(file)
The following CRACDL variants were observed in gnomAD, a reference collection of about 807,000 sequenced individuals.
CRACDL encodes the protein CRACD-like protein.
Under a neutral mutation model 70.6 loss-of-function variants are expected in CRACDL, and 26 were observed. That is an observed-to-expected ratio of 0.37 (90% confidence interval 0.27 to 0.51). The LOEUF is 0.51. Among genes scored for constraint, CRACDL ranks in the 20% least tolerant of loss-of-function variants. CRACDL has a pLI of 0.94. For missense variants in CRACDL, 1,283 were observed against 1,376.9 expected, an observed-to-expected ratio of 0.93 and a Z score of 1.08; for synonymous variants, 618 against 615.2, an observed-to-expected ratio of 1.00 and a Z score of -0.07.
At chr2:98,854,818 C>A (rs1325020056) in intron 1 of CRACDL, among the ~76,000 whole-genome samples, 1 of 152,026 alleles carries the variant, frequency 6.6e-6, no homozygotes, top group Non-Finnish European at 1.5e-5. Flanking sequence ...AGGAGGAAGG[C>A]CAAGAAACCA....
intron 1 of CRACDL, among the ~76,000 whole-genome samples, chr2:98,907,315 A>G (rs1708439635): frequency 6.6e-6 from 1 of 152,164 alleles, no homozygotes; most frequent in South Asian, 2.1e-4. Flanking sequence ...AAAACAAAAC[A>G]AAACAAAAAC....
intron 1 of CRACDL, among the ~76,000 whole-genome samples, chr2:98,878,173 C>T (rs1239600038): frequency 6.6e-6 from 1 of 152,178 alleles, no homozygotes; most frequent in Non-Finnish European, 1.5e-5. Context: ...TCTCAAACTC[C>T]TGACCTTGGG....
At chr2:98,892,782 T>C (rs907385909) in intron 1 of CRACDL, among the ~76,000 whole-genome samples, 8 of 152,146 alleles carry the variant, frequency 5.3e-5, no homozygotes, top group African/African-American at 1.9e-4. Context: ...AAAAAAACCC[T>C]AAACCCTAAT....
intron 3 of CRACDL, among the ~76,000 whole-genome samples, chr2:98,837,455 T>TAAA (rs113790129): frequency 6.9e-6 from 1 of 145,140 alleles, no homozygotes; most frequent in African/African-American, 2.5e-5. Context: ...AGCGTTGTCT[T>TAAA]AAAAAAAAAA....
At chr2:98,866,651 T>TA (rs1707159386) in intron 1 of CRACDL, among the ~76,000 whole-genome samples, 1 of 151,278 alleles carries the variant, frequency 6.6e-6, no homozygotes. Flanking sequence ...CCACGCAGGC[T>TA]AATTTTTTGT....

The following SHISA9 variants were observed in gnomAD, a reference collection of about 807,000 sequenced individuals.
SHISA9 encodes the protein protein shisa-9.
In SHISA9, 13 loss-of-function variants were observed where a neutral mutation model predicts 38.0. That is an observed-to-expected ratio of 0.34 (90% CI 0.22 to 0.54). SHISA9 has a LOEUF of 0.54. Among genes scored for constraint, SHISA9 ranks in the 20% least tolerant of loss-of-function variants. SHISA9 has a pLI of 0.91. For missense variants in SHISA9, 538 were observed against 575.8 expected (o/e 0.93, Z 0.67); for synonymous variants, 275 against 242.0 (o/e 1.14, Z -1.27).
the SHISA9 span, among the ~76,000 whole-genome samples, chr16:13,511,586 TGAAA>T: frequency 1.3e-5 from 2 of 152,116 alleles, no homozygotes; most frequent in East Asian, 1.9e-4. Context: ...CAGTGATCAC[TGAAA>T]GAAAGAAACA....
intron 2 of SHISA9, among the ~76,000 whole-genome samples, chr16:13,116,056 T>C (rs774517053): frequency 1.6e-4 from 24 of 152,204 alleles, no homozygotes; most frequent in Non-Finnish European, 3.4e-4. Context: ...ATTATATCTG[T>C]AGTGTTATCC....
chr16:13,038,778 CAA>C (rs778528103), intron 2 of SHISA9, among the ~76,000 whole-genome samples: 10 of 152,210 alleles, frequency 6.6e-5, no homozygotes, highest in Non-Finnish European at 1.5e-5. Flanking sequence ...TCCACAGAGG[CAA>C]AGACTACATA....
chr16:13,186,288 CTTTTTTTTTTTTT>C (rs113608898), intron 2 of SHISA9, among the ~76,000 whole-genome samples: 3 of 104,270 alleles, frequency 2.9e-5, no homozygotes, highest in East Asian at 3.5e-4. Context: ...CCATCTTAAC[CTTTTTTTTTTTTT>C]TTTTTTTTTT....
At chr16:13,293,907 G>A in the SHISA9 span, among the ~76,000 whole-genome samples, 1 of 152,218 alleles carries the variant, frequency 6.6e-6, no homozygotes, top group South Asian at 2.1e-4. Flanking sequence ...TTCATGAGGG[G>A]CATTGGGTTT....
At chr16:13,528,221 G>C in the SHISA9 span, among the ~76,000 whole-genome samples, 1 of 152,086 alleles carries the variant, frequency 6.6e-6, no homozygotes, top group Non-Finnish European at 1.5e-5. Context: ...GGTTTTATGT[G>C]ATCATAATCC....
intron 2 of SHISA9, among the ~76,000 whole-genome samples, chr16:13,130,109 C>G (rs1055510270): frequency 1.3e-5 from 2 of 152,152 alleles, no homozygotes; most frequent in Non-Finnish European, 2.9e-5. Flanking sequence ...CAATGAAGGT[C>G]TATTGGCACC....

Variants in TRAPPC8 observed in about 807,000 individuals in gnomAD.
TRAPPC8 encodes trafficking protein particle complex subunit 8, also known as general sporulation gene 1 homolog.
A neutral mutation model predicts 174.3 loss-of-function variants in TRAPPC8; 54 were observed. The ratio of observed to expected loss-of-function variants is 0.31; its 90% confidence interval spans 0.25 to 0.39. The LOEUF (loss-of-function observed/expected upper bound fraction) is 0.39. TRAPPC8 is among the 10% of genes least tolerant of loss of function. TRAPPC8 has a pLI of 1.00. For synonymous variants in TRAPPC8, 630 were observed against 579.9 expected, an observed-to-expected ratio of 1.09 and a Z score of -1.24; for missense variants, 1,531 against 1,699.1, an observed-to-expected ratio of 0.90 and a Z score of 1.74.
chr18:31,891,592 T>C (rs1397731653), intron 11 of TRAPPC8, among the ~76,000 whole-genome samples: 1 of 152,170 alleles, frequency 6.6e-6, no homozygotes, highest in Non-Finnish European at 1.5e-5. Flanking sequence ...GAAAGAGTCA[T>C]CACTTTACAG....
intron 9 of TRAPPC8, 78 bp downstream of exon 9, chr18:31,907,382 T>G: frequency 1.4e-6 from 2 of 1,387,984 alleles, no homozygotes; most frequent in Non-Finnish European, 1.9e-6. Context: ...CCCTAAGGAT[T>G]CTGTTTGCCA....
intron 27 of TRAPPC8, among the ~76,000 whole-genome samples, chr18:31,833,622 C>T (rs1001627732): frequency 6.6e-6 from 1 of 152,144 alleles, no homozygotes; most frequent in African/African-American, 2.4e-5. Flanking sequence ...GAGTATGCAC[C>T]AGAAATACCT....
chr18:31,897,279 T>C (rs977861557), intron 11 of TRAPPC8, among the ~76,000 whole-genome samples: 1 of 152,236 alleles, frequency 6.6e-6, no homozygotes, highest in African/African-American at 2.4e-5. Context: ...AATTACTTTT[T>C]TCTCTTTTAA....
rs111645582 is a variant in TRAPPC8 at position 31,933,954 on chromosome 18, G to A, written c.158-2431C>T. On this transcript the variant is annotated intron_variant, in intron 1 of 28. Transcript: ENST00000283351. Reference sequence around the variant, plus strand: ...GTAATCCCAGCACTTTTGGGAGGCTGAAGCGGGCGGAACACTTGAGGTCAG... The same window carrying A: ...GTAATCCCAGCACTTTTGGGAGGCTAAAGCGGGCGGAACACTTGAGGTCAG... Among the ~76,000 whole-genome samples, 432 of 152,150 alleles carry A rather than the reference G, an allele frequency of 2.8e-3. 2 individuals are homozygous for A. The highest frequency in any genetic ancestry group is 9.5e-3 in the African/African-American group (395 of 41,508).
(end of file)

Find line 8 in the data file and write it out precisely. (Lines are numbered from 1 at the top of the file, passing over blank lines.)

intron 3 of CRACDL, among the ~76,000 whole-genome samples, chr2:98,837,455 T>TAAA (rs113790129): frequency 6.9e-6 from 1 of 145,140 alleles, no homozygotes; most frequent in African/African-American, 2.5e-5. Context: ...AGCGTTGTCT[T>TAAA]AAAAAAAAAA....